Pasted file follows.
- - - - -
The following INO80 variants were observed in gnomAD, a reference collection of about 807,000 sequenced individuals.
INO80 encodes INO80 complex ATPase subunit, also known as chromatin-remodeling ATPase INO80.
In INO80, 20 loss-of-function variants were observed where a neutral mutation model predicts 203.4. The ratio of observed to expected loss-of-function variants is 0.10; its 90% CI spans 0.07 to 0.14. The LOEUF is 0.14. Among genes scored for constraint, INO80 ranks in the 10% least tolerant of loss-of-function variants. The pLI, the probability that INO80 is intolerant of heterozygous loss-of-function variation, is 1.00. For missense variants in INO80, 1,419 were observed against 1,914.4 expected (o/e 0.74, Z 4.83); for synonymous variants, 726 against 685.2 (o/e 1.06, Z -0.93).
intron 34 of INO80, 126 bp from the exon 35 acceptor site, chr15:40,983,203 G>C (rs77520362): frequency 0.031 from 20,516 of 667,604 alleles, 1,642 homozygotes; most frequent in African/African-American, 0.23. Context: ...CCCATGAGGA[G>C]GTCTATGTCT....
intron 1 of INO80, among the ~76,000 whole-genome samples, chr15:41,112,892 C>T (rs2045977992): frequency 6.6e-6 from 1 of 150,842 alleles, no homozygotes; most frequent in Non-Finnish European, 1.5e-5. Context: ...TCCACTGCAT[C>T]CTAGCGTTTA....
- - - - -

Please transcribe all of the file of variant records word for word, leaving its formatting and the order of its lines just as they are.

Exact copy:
The following INO80 variants were observed in gnomAD, a reference collection of about 807,000 sequenced individuals.
INO80 encodes INO80 complex ATPase subunit, also known as chromatin-remodeling ATPase INO80.
In INO80, 20 loss-of-function variants were observed where a neutral mutation model predicts 203.4. The ratio of observed to expected loss-of-function variants is 0.10; its 90% CI spans 0.07 to 0.14. The LOEUF is 0.14. Among genes scored for constraint, INO80 ranks in the 10% least tolerant of loss-of-function variants. The pLI, the probability that INO80 is intolerant of heterozygous loss-of-function variation, is 1.00. For missense variants in INO80, 1,419 were observed against 1,914.4 expected (o/e 0.74, Z 4.83); for synonymous variants, 726 against 685.2 (o/e 1.06, Z -0.93).
intron 34 of INO80, 126 bp from the exon 35 acceptor site, chr15:40,983,203 G>C (rs77520362): frequency 0.031 from 20,516 of 667,604 alleles, 1,642 homozygotes; most frequent in African/African-American, 0.23. Context: ...CCCATGAGGA[G>C]GTCTATGTCT....
intron 1 of INO80, among the ~76,000 whole-genome samples, chr15:41,112,892 C>T (rs2045977992): frequency 6.6e-6 from 1 of 150,842 alleles, no homozygotes; most frequent in Non-Finnish European, 1.5e-5. Context: ...TCCACTGCAT[C>T]CTAGCGTTTA....